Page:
How the COVID Pandemic has Impacted the Property Market

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The UK property market has perhaps not been hit with such alarge potential threat since the 2008 financial crisis. Throughout the COVID-19pandemic, the UK property market has had to navigate itself through anuncertain maze of difficulty and unexpected challenges. Let’s also not forgetBrexit as well. Overall, the combination of COVID and Brexit could potentiallyhit the UK like a tsunami wave. Or will it..?

To some extent, it really matters which sector you look at.Some sectors of the market have been impacted far more ruthlessly than others.Retail and hospitality have been struck hard, with offices around the countrylaying dormant, and hotels and bars impacted by unpredictable rules andlockdowns.

Main Sectors Impacted


Retailers who haven’t got a large influx of sales via anonline presence have been hit the hardest, with a significant drop in footfallfor retail stores. The pressure of this ended up being too much for manybusinesses, with many deciding to close up shop. This has left an alreadystruggling high street in many towns in an even worse position. Shops whichwere difficult to fill in the past, are now even more difficult to fill.

Several large brands went into administration during thelast few years including Debenhams, Cath Kidston, and Laura Ashley.

There were many retail businesses struggling pre-COVID, butthe pandemic has sealed their fate.

Student Accommodation

A huge sector in many cities throughout the UK. Manystudents have been delayed returning to University, and simply been told tocontinue their studies from home. This has left many disgruntled studentspaying for accommodation they are not using, and also many students not movinginto accommodation come the new semester. All in all, it has left manylandlords who are normally fighting off student interest, with barely a squeakof interest in their student accommodation.


Like retail businesses, bars and nightclubs have been hithard during the pandemic. However, unlikely retail, they were not strugglingsignificantly pre-COVID. Bars and nightclubs were the absolute last thing toopen up after the lockdowns. Unlike retail stores who were allowed customers,but under strict rules, bars and nightclubs were just forced to shutcompletely. This meant months of rent and bills to pay without any income atall.

This has led to many bars and nightclubs up and down thecountry closing their doors for good.

Thriving Sectors of the Market

The main thriving sectors are those which provide items thatare required throughout a pandemic. Warehouses, supermarkets, logistics, etc.These are deemed the “essential workers” of the property market world.Therefore many logistics companies have needed to take on more warehouse space,and supermarkets can barely get enough food on their shelves.

How this Impacts the Average Person

Overall, the topic so far has been the impact on businesses.However, have there been any major impacts upon the property market for theaverage person? Perhaps some bargain prices for people to jump on the propertyladder?

Unfortunately, the reality is “not really”.

The pandemic has seen a huge surge in the appreciation formore space and outdoor space. This means property prices have surged for houseswith gardens, as well as properties that have enough room for a spare roomwhich can be converted into a home office.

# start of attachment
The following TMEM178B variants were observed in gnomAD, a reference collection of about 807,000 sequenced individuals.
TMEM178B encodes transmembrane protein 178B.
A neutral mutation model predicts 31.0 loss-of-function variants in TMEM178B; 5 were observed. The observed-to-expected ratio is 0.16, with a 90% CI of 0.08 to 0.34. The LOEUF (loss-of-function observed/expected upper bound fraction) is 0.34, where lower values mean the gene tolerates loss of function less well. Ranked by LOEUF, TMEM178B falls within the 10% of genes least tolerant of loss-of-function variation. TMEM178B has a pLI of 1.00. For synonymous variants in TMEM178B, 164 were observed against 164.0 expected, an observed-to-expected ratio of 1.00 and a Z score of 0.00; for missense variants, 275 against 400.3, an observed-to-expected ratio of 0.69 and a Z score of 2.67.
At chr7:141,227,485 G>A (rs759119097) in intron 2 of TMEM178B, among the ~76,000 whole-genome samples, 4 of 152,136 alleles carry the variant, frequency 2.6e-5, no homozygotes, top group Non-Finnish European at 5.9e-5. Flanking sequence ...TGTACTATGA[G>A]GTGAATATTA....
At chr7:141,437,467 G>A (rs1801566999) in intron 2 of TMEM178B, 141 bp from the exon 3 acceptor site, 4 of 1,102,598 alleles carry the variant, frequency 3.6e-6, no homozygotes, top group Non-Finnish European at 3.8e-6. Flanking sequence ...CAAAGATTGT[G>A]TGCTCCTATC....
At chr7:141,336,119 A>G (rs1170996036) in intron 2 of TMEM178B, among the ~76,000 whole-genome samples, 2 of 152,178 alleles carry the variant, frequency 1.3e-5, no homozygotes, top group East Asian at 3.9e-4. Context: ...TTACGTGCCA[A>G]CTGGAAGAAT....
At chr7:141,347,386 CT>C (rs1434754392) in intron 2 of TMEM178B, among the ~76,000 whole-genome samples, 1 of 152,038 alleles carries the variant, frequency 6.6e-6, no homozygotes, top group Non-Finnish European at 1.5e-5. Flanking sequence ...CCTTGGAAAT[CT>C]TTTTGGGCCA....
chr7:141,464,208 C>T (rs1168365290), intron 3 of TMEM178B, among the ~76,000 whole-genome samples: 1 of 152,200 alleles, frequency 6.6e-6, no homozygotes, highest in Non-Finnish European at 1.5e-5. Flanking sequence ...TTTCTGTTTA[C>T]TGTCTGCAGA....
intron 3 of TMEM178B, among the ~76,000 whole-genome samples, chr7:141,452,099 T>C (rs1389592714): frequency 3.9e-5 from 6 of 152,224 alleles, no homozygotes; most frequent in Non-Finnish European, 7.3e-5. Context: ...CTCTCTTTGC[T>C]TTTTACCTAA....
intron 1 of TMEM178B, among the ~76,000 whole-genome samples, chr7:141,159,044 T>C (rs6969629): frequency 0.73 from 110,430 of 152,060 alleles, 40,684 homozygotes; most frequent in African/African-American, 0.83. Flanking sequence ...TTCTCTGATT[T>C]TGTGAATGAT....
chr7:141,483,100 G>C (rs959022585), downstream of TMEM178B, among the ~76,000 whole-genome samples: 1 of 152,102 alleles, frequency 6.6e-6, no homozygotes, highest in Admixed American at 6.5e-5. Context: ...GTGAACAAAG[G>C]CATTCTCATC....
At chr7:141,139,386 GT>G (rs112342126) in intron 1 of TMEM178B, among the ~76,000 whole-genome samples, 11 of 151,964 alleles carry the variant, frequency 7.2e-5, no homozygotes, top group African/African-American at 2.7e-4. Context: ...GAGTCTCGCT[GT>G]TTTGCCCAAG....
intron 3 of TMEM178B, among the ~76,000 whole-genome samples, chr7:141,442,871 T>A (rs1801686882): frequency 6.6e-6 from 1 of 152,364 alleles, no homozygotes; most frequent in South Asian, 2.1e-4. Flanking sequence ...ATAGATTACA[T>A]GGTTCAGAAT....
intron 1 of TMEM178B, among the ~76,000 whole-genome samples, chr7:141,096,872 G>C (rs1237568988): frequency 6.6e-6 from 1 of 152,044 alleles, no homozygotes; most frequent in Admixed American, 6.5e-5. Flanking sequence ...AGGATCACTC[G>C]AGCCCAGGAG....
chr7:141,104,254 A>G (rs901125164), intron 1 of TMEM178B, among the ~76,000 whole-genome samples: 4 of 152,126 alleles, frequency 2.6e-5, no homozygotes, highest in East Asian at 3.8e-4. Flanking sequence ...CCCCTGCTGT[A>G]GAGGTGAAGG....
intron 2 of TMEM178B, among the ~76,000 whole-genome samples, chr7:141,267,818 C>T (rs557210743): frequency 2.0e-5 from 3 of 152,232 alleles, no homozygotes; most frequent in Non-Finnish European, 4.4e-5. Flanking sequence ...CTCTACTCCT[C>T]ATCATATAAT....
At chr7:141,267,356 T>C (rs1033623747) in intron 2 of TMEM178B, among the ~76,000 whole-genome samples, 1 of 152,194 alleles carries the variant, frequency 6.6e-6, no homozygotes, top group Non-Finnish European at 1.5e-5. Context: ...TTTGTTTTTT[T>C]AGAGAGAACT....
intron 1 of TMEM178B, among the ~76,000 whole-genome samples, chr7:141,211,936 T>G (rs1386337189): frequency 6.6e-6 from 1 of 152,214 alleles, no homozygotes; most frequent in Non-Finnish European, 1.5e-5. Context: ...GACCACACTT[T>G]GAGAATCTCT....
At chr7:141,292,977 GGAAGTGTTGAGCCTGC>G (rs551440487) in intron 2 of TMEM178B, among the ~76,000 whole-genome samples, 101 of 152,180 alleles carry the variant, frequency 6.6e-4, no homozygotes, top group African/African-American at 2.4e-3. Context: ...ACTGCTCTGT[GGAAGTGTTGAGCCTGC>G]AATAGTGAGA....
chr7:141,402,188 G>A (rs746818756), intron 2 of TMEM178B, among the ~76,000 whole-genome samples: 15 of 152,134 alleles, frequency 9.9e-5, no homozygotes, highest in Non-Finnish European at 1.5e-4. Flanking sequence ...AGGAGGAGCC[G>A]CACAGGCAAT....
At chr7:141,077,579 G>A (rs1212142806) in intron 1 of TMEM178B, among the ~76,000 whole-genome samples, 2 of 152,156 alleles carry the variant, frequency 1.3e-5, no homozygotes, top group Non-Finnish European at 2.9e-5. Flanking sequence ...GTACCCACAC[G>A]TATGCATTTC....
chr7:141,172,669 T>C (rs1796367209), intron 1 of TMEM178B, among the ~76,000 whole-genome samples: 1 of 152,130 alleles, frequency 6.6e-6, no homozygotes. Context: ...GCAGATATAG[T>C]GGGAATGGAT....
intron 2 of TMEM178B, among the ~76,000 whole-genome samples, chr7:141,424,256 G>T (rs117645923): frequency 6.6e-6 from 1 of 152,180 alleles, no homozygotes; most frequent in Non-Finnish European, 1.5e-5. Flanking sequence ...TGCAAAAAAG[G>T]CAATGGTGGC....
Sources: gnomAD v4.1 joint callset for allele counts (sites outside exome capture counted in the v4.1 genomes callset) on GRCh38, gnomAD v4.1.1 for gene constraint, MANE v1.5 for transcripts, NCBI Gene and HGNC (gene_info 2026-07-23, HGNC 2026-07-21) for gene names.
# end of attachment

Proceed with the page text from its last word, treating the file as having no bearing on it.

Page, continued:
What we have seen is people leaving the big cities in herdsto the outside boroughs where they can afford larger accommodation. The mainimpact, therefore, has been rental prices in central city locations.Temporarily we saw London rental prices plummet as landlords struggled to keeptheir portfolios afloat while people left the city. However, this has somewhatrebounded since then, as the city gets back to somewhat normality (albeit,we’re not quite there yet).

Estate Agents have backed up the point that many peoplechanged homes during the pandemic. With an increase in interest in ‘flipping’houses. The estate agent “Hamptons” believe that close to 19,000 homes were‘flipped’ during the pandemic. This, on average, led to an average profit ofalmost £50,000 per ‘flip’. This trend cannot be ignored as a potential factorthat has kept house prices buoyant during the pandemic. This has primarily beendriven by the opportunity to save money on Stamp Duty when Rishi Sunak axed the stamp duty on the first £500,000of property purchases temporarily. Overall, this led to a boom in demand forthe property during the pandemic and led to a flurry of activity in the market.

Even areas in the north that have generally been havens forcheaper property prices have seen tremendous increases in annual price risesduring the last couple of years.

There is some argument that we’re due a correction in themarkets (including property markets) in the coming years. So those who feel asthough they’re stuck in the renting cycle and can’t get off the ladder shouldkeep their eyes and ears close to the ground. Conversely, it may also be a badtime to over-leverage yourself into a property if this were to happen. Nobodyreally knows what the long-term economic impact of the pandemic will be, andthe reality is we likely haven’t seen the REAL economic impact. Although insaying this, Russell Galley, who is managing director of Halifax is of the viewthat any property price gains made during the pandemic are unlikely to bereversed.

The main impact of the pandemic is that it has led to peoplereevaluating their lives. People who were in the hustle and bustle of the cityrealised they wanted to be closer to their grandparents in the country. Peoplewho had wanted to quit their job and start a business finally made the jump.People made more risks and changed their lives significantly during thepandemic. Overall, I would describe what has happened during the pandemic inthe property market as more of a reshuffle than a complete change.